A recent Second Department decision, Matter of Village of Kiryas Joel v County of Orange, et al., addresses the intriguing justiciability doctrine of ripeness, as applied to judicial review of municipal administrative action.

In 2007, Orange County (the “County”) acquired property known as Camp LaGuardia from the New York City Economic Development Corporation.  Originally,

The City of New Rochelle adopted an ordinance in 2017, amending the zoning code to apply a senior citizen overlay district to certain real property comprised of approximately 3.4 acres at 121 Mill Road in New Rochelle.  The City adopted a negative declaration pursuant to the New York State Environmental Quality Review Act for the

A recent Second Department decision, Matter of Reddock v New York State Dept. of Envtl. Conservation, highlights a unique procedural quirk involving Article 78 proceedings where the challenge is based upon “substantial evidence”.

The petitioners in Reddock own a 2.07-acre parcel of property in the Town of Smithtown adjacent to the Nissequogue River (the

Several prior blog posts discussed standing requirements under the State Environmental Quality Review Act (SEQRA) and the timeliness of challenging a SEQRA determination. A decision from the Appellate Division, Third Department, Schulz v Town Board of the Town of Queensbury, issued on October 24, 2019, involved both of these elements and was a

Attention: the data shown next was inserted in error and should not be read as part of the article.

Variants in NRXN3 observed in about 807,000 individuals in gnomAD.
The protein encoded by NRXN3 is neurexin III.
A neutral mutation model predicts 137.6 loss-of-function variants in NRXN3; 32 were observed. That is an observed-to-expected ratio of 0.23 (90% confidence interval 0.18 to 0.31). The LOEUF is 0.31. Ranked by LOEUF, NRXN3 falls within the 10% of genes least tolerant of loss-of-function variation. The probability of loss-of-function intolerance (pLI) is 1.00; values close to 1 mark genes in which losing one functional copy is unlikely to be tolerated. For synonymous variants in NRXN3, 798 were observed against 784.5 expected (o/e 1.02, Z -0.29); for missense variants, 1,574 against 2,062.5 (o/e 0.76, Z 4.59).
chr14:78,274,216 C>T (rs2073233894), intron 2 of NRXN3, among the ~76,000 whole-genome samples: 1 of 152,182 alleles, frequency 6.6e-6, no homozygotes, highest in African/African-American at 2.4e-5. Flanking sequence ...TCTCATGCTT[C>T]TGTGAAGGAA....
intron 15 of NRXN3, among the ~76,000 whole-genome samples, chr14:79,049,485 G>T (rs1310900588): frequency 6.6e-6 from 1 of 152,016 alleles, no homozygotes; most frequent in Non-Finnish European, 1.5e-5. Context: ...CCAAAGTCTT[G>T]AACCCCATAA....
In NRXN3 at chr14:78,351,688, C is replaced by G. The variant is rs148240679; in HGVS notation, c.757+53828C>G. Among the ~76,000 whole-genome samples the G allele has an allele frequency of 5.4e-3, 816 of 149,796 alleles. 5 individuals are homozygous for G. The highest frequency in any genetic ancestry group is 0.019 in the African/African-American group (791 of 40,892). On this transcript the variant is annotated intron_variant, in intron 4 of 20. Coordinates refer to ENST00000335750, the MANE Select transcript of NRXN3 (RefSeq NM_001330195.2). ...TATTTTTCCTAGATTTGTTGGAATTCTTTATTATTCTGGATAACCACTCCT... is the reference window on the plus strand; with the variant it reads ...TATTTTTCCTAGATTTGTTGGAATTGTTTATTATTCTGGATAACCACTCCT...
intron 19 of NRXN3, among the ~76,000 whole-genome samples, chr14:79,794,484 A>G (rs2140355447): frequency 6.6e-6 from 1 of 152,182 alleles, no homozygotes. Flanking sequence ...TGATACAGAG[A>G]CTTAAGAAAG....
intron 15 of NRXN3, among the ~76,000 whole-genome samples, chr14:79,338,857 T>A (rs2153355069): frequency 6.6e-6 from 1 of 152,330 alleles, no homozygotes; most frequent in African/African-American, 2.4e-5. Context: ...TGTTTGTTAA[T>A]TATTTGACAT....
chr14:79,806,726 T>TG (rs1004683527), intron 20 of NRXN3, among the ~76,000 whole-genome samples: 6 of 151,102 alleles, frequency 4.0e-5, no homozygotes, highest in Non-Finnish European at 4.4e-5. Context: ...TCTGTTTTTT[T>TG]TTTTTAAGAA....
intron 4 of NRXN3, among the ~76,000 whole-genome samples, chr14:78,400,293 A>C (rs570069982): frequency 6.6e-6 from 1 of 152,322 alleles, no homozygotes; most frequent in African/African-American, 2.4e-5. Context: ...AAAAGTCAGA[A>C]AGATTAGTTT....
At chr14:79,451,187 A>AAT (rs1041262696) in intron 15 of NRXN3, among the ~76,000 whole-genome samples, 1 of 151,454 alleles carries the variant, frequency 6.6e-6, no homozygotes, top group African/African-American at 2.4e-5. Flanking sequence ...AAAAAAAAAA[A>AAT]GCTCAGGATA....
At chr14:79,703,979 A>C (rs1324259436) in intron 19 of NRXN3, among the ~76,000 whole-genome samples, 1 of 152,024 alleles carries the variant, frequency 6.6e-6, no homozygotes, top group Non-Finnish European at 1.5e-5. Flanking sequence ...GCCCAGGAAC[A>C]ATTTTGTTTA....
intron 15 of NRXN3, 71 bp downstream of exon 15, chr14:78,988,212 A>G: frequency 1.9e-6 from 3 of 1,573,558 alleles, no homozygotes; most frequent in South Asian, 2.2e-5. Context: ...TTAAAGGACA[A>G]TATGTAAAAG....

A recent Fourth Department decision upheld a determination by the Town of Westmoreland Zoning Board of Appeals (the “Westmoreland ZBA” or the “Board”) finding that a dog training business is not a “customary home occupation” within the meaning of the local zoning code.

Matter of McFadden v Town of Westmoreland Zoning Bd. presents a strikingly

By decision dated December 17, 2015, the Town of Southampton Zoning Board of Appeals granted relief from Town Code §330-82 to allow a zero foot road frontage (where 40 feet is required) for two landlocked parcels located at 86 and 138 Old Sag Harbor Road in North Sea to allow for the construction of

Historic Brownstone Houses in Residential Neighborhood of Fort Greene in Brooklyn

A recent Supreme Court decision, In the Matter of Preserve Our Brooklyn Neighborhoods v. City of New York, demonstrates the difficulty a litigant faces when challenging a zoning determination on constitutional grounds.  The petitioners are “an incorporated association of community members” from the Fort Greene area of Brooklyn (the “Petitioners”), who oppose proposed development